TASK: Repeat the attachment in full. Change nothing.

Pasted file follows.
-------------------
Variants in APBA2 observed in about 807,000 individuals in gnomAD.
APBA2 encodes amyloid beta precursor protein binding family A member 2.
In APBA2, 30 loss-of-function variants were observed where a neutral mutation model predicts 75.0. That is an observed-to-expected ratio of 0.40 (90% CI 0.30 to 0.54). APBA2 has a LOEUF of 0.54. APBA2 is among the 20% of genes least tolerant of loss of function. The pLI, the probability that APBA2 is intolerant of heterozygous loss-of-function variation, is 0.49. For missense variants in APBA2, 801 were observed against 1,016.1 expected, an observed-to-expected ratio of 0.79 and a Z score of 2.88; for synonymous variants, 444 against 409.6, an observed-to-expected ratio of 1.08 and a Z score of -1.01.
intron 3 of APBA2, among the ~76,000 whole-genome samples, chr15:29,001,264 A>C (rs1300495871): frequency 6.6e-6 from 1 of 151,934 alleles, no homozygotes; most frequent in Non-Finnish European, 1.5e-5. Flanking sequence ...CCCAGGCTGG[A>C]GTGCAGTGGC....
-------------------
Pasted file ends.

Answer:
Variants in APBA2 observed in about 807,000 individuals in gnomAD.
APBA2 encodes amyloid beta precursor protein binding family A member 2.
In APBA2, 30 loss-of-function variants were observed where a neutral mutation model predicts 75.0. That is an observed-to-expected ratio of 0.40 (90% CI 0.30 to 0.54). APBA2 has a LOEUF of 0.54. APBA2 is among the 20% of genes least tolerant of loss of function. The pLI, the probability that APBA2 is intolerant of heterozygous loss-of-function variation, is 0.49. For missense variants in APBA2, 801 were observed against 1,016.1 expected, an observed-to-expected ratio of 0.79 and a Z score of 2.88; for synonymous variants, 444 against 409.6, an observed-to-expected ratio of 1.08 and a Z score of -1.01.
intron 3 of APBA2, among the ~76,000 whole-genome samples, chr15:29,001,264 A>C (rs1300495871): frequency 6.6e-6 from 1 of 151,934 alleles, no homozygotes; most frequent in Non-Finnish European, 1.5e-5. Flanking sequence ...CCCAGGCTGG[A>C]GTGCAGTGGC....